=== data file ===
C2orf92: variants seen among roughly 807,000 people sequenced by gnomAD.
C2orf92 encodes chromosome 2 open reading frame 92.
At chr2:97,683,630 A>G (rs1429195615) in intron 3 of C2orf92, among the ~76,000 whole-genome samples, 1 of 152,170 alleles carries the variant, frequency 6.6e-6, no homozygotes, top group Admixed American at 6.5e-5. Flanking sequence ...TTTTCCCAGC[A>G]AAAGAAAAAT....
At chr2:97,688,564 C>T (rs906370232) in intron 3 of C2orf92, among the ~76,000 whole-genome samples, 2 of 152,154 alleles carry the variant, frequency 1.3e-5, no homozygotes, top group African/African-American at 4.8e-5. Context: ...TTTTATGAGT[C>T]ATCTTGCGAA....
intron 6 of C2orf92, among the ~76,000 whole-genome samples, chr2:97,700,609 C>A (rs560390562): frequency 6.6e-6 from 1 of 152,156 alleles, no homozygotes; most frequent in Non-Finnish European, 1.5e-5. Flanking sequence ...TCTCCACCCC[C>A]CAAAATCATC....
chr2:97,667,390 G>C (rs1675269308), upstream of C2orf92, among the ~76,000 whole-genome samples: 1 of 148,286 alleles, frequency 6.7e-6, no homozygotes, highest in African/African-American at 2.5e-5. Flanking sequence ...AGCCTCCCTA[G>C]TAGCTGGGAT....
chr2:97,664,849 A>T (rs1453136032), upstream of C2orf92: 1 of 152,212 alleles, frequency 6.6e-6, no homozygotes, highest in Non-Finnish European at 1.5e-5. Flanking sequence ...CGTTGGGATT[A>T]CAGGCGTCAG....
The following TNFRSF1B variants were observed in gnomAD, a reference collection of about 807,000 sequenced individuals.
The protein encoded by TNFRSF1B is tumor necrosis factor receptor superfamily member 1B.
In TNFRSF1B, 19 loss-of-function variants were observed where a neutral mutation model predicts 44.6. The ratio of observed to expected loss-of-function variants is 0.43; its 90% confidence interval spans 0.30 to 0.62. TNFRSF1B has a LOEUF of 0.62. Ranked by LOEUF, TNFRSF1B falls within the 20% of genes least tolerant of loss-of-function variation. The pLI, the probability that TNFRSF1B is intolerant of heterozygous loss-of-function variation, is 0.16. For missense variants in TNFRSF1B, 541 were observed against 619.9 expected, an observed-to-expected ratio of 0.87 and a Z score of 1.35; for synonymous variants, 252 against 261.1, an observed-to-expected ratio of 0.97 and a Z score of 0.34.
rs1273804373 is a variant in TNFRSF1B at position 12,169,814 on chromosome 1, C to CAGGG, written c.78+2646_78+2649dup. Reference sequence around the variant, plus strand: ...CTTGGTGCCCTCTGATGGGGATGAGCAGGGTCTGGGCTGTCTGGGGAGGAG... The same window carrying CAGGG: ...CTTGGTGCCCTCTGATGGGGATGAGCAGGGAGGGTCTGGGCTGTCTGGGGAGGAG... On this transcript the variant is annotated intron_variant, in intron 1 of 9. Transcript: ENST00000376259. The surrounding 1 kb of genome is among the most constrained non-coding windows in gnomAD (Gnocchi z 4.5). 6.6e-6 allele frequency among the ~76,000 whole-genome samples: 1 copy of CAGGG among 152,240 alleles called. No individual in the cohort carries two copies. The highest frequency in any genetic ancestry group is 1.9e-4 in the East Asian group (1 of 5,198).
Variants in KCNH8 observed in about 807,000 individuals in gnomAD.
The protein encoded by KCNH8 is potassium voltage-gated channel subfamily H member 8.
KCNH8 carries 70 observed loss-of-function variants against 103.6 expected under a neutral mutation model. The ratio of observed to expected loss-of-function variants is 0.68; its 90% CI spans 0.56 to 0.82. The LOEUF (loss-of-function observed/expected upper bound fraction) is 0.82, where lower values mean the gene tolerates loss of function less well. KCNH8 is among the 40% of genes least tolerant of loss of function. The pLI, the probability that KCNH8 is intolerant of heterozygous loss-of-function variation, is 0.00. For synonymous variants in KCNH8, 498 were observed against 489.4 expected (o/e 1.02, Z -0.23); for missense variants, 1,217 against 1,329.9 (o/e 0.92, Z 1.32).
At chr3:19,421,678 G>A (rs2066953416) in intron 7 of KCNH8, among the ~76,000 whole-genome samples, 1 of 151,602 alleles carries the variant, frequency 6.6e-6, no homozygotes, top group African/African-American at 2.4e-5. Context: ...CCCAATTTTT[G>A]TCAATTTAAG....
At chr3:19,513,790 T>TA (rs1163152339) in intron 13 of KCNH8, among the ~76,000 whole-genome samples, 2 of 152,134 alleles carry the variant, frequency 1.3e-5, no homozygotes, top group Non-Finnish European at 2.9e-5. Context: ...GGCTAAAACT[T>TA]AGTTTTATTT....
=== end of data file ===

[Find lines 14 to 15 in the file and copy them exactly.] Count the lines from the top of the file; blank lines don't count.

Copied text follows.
KCNH8 carries 70 observed loss-of-function variants against 103.6 expected under a neutral mutation model. The ratio of observed to expected loss-of-function variants is 0.68; its 90% CI spans 0.56 to 0.82. The LOEUF (loss-of-function observed/expected upper bound fraction) is 0.82, where lower values mean the gene tolerates loss of function less well. KCNH8 is among the 40% of genes least tolerant of loss of function. The pLI, the probability that KCNH8 is intolerant of heterozygous loss-of-function variation, is 0.00. For synonymous variants in KCNH8, 498 were observed against 489.4 expected (o/e 1.02, Z -0.23); for missense variants, 1,217 against 1,329.9 (o/e 0.92, Z 1.32).
At chr3:19,421,678 G>A (rs2066953416) in intron 7 of KCNH8, among the ~76,000 whole-genome samples, 1 of 151,602 alleles carries the variant, frequency 6.6e-6, no homozygotes, top group African/African-American at 2.4e-5. Context: ...CCCAATTTTT[G>A]TCAATTTAAG....